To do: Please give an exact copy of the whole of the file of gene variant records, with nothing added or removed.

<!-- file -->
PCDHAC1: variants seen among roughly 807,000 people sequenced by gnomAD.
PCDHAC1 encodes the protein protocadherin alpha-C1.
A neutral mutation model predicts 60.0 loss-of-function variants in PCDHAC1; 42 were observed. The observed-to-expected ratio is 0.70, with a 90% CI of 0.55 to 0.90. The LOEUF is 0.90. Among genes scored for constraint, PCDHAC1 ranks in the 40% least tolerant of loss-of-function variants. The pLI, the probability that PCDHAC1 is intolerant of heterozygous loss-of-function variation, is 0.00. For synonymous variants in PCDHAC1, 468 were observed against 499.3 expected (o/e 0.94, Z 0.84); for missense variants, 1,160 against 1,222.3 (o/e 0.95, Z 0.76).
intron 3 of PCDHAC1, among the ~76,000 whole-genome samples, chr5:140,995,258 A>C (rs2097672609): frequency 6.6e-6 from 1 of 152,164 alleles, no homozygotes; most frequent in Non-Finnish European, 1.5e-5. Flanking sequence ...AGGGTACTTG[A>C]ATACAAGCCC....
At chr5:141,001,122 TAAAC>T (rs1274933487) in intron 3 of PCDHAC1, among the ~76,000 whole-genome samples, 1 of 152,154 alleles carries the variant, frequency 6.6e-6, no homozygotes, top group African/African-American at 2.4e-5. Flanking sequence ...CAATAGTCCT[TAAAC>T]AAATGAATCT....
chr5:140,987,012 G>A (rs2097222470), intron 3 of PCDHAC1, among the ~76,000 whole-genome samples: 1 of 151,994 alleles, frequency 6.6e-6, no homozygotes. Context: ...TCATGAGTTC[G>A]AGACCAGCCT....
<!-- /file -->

PCDHAC1: variants seen among roughly 807,000 people sequenced by gnomAD.
PCDHAC1 encodes the protein protocadherin alpha-C1.
A neutral mutation model predicts 60.0 loss-of-function variants in PCDHAC1; 42 were observed. The observed-to-expected ratio is 0.70, with a 90% CI of 0.55 to 0.90. The LOEUF is 0.90. Among genes scored for constraint, PCDHAC1 ranks in the 40% least tolerant of loss-of-function variants. The pLI, the probability that PCDHAC1 is intolerant of heterozygous loss-of-function variation, is 0.00. For synonymous variants in PCDHAC1, 468 were observed against 499.3 expected (o/e 0.94, Z 0.84); for missense variants, 1,160 against 1,222.3 (o/e 0.95, Z 0.76).
intron 3 of PCDHAC1, among the ~76,000 whole-genome samples, chr5:140,995,258 A>C (rs2097672609): frequency 6.6e-6 from 1 of 152,164 alleles, no homozygotes; most frequent in Non-Finnish European, 1.5e-5. Flanking sequence ...AGGGTACTTG[A>C]ATACAAGCCC....
At chr5:141,001,122 TAAAC>T (rs1274933487) in intron 3 of PCDHAC1, among the ~76,000 whole-genome samples, 1 of 152,154 alleles carries the variant, frequency 6.6e-6, no homozygotes, top group African/African-American at 2.4e-5. Flanking sequence ...CAATAGTCCT[TAAAC>T]AAATGAATCT....
chr5:140,987,012 G>A (rs2097222470), intron 3 of PCDHAC1, among the ~76,000 whole-genome samples: 1 of 151,994 alleles, frequency 6.6e-6, no homozygotes. Context: ...TCATGAGTTC[G>A]AGACCAGCCT....